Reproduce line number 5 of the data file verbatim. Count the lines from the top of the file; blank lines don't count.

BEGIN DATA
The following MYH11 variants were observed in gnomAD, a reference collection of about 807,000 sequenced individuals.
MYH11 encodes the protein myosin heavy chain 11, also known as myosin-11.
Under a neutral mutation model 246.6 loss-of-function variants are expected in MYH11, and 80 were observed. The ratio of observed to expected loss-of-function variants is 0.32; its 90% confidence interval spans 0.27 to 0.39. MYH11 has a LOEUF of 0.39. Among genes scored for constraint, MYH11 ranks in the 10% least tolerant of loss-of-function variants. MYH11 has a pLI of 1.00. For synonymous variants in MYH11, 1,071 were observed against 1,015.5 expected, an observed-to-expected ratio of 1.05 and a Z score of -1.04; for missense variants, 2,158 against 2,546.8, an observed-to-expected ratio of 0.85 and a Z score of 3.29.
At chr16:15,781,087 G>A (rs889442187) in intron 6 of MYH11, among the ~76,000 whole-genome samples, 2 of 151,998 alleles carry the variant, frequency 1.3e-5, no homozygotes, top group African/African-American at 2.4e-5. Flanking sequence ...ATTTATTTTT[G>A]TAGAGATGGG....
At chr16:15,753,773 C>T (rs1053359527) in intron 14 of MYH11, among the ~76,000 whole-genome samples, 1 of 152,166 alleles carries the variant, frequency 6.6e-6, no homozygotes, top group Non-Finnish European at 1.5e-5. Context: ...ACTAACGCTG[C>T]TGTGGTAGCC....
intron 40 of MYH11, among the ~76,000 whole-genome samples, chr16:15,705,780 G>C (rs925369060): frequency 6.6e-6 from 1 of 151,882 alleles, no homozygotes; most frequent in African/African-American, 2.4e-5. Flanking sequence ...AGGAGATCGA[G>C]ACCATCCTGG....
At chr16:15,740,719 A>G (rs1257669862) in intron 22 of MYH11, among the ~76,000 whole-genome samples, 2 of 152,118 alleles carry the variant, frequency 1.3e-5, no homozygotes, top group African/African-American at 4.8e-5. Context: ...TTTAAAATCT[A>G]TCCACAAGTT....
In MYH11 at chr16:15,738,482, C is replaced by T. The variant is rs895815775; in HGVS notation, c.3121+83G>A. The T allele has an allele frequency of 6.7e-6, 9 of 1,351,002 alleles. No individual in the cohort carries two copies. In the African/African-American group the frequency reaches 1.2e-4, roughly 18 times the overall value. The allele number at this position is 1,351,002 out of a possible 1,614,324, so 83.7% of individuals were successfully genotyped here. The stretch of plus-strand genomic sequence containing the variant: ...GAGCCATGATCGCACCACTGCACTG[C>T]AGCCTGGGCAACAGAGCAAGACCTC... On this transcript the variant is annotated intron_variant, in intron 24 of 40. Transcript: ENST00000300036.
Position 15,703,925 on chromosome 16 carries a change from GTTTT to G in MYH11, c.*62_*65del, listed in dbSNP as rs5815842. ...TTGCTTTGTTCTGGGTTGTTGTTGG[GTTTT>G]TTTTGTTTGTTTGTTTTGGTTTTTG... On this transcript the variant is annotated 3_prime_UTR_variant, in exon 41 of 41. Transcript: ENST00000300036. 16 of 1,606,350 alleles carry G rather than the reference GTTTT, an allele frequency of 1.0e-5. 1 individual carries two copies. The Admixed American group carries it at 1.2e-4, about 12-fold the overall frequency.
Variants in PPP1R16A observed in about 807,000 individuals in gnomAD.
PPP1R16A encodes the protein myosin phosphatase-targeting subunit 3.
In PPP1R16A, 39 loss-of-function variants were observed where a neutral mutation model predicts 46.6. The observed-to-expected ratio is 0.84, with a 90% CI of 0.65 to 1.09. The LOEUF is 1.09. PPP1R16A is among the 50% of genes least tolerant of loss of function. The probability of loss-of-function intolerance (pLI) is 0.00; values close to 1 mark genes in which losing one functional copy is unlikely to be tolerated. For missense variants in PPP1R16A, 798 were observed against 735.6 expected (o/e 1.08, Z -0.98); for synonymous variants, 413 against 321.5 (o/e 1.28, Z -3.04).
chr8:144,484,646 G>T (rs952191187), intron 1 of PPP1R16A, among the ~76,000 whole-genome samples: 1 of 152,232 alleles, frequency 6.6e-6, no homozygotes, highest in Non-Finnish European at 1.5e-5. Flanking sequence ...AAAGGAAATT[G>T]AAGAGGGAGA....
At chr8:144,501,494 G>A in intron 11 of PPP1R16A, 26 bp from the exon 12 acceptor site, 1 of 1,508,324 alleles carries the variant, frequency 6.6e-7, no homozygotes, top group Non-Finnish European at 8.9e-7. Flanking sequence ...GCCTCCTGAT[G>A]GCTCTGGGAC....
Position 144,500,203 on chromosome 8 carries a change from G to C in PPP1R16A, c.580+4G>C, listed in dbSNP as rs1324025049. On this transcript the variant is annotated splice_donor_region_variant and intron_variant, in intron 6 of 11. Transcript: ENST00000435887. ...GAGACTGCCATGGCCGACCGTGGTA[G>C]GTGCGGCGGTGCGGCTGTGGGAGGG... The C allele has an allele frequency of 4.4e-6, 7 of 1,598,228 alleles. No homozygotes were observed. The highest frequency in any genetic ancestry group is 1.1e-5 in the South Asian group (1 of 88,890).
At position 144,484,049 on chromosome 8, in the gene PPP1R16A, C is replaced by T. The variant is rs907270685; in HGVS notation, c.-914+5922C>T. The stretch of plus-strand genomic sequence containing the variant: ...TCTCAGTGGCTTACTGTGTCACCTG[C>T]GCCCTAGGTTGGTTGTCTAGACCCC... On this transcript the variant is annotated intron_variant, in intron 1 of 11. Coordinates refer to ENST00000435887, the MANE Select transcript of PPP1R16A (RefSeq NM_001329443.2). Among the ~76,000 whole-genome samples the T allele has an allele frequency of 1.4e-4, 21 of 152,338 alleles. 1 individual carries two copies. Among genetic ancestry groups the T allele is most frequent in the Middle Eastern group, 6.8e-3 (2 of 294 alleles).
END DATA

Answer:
At chr16:15,753,773 C>T (rs1053359527) in intron 14 of MYH11, among the ~76,000 whole-genome samples, 1 of 152,166 alleles carries the variant, frequency 6.6e-6, no homozygotes, top group Non-Finnish European at 1.5e-5. Context: ...ACTAACGCTG[C>T]TGTGGTAGCC....